BY K WEBSTER | I like the Bowery Poetry Club. I wrote about this important arts space recently on my local blog, Bowery Gals.
I’m very concerned, however, about the club’s impending merger with Duane Park, a Tribeca restaurant with burlesque shows.
Apparently, the Poetry Club has featured artists’ versions of burlesque acts before. Artists try to reinvent old forms hoping to find a fresh edge, though you’d have to work pretty hard to transform this from hackneyed titillation/tired joke into a new thought.
Still, artists can try, and fail, and have it be an honest effort. But the idea of being treated to a steady diet of burlesque shows as part of a high-end dining experience is kind of creepy. It’s just different when you try to make something normal or hip or “just good fun,” when it actually exploits a group of people, in this, case women.
As money speaks louder and louder, the deluge of the sexual exploitation of women and girls grows in direct proportion: Beauty pageants that sexualized 5-year-old girls, millions of trafficked women around the world (and here), the pornography industry, billboard advertising provocatively posed young women (and boys) selling underwear (or anything), prostitution (trafficked women, poor women, child brides, addicted women, abused women, Village Voice ads for escort services, etc.), and all the other overt and subtle ways women’s bodies are sold for off-the-charts profit.
For those of us with children nearby (girls or boys) advertising as if it’s no big deal to have women taking off their clothes as part of the paying customers’ dining experience signals that it’s O.K. for women to be used like a side of parsley. It’s depressingly archaic and stupid, but no less damaging to any hope for a future of relaxed connection across gender.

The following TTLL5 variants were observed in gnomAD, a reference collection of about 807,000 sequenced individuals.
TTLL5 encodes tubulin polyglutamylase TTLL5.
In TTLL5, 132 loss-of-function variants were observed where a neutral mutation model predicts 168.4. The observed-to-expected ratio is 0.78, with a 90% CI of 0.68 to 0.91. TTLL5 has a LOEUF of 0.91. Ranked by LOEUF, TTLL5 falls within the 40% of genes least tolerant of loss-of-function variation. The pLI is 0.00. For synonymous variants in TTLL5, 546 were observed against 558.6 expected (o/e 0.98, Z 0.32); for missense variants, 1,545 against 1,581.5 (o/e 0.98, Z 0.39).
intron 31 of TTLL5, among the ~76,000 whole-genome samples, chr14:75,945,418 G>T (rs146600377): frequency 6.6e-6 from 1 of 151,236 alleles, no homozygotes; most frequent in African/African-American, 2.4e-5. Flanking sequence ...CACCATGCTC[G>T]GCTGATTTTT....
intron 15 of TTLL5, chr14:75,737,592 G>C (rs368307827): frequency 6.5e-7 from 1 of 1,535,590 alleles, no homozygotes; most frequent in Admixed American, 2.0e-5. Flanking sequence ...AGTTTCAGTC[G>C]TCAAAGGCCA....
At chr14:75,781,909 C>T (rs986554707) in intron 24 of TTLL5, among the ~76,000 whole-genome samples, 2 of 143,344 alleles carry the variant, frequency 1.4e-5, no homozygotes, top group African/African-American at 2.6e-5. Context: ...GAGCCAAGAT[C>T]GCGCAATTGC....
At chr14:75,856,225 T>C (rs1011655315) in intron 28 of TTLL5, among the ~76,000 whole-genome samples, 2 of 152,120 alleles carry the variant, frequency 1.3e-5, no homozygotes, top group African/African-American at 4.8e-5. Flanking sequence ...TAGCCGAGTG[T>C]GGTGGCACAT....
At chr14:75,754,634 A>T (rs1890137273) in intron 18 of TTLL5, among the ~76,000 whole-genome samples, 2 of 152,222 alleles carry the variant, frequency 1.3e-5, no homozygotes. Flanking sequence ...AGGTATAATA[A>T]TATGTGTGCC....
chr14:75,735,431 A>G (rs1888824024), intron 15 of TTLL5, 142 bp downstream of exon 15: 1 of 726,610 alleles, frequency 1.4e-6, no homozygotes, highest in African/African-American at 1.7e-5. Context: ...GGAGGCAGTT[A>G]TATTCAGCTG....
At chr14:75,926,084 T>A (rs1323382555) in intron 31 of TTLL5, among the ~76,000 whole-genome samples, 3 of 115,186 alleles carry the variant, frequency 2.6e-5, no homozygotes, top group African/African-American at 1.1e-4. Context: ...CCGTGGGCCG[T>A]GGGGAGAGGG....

I don’t blame women — however we figure out to survive sexism will be imperfect. I modeled in art school — for money — and was no less exploited because it had “art” attached to it. I’m also married, which is an institution begun out of the slavery of women.
I don’t think there is an individual solution that gets any of us out of this mess. But I don’t think we want to pretend that agreeing to have female bodies used as commodities is a real choice or a choice without consequence for women. The offer of pseudo-power to manipulate men’s loneliness while being taken advantage of is not agency. There just isn’t a level playing field in gender dynamics. We live in a context of the economic domination of women by men, driven by men (no matter who fronts it).
And men have to take an unflinching look at their participation in the sex industries — i.e., porn has real victims. You don’t want to settle for counterfeit closeness or momentary relief when it comes at the expense of someone else. It is hurtful to women and to men to have the human need for closeness tied to money.
In a culture that increasing targets anything and anyone for profit, we can’t — in the comfort of liberalism — claim that asking women to sell their bodies isn’t harmful. It has to be challenged for what it is: the sexual exploitation of a vulnerable group for the profit of others.
Until women earn the same as men, find employment and respect in any field, are in positions of power in proportion to our numbers, walk down the street without getting surveyed like a piece of meat, are free from the threat of rape or trafficking, until it’s O.K. for men and boys to be close without being ridiculed, until gay oppression ends… enterprises, even those with a posh veneer, that cash in on exposing women’s bodies for profit, just aren’t O.K.
Poetry Club, please rethink this.